Now, we can begin to speak of the scale of the poem, in the same sense as we would speak of a painting, in terms of the “live aspect of size in painting.” Here is the block of prose-like poetry that signals a change in scale from what came before:

South of Mission, Seattle,
over the Sierra Mountains,
the Middle West and Michigan,
moving east again, easy
coming into Chicago and
the cattle country, calling
to each other over canyons,
careful not to be caught
at night, they are still out,
the destroyers, and down
into the South, familiar land,
lush places, blue mountains
of Carolina, into Black Mountain
and you can sleep out, or
straight across into States

The passage is literally and figuratively, “a real travelogue in scale.” In his imagination, Wieners moves from the enclosed space of the Hotel Wentley to the wide open fields of America; it is a trajectory from the local to the universal; from the self to the cosmos, and ultimately, in the poem, from the “I” to the “We.” One can say that the scale of the poem grew larger to encompass a wider field of emotional experience. Bill Berkson writes:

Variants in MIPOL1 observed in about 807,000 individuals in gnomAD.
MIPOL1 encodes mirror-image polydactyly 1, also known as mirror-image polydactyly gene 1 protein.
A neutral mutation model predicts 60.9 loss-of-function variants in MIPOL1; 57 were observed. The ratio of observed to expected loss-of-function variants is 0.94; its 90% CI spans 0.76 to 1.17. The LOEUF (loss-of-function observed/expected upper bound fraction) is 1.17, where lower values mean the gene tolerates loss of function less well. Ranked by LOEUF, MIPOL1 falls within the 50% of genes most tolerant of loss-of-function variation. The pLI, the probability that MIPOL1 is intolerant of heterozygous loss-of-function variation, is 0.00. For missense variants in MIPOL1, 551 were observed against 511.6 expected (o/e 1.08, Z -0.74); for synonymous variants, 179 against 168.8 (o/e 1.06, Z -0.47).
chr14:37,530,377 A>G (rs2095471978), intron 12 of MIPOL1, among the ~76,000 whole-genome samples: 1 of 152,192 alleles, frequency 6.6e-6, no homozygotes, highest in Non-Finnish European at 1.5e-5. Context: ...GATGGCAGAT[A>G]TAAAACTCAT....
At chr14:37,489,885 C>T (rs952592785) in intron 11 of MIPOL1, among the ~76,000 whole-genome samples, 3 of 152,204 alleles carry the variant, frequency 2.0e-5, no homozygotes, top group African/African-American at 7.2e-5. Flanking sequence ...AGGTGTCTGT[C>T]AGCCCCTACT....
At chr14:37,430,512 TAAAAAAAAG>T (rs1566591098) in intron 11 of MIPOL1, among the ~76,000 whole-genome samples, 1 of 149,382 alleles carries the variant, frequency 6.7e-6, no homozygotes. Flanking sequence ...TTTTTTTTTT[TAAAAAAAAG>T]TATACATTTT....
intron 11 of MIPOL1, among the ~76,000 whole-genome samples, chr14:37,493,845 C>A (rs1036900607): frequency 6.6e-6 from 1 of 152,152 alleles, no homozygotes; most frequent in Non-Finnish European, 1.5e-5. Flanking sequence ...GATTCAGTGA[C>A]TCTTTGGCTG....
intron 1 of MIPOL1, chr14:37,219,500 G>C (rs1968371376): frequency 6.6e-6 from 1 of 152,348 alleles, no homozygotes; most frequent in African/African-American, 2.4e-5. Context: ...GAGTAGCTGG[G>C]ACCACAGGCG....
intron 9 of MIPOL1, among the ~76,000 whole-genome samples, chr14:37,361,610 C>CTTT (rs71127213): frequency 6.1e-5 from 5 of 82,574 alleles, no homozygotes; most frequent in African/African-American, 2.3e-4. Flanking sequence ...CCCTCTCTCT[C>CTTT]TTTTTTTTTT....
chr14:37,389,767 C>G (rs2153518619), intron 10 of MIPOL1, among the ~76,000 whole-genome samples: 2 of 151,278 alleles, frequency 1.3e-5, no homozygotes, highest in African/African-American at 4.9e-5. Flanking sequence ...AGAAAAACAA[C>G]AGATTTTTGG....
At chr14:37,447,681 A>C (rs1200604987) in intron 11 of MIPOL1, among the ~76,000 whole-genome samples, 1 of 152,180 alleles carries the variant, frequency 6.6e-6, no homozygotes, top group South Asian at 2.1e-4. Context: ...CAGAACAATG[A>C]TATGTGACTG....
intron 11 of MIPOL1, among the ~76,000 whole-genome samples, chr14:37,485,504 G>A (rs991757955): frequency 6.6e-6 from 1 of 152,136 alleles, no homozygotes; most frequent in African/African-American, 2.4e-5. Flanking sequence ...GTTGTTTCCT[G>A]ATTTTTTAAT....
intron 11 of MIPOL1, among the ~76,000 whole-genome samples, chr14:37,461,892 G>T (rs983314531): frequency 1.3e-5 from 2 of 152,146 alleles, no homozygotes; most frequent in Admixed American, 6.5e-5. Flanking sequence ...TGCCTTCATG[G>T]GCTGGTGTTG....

There’s an ‘everything’ principle – the universal ‘everything’ principle – that poetry and painting share. It has to do with including. Fairfield Porter says, ‘There is an elementary principle of organization in any art that nothing gets in anything else’s way, and everything is at its own limit of possibilities [Weiners writes “Let me ramble here. / yet stay within my own yardlines.”] Any divergence from the ‘everything’ principle is obfuscation, which often is necessary as a ground swell, to add surface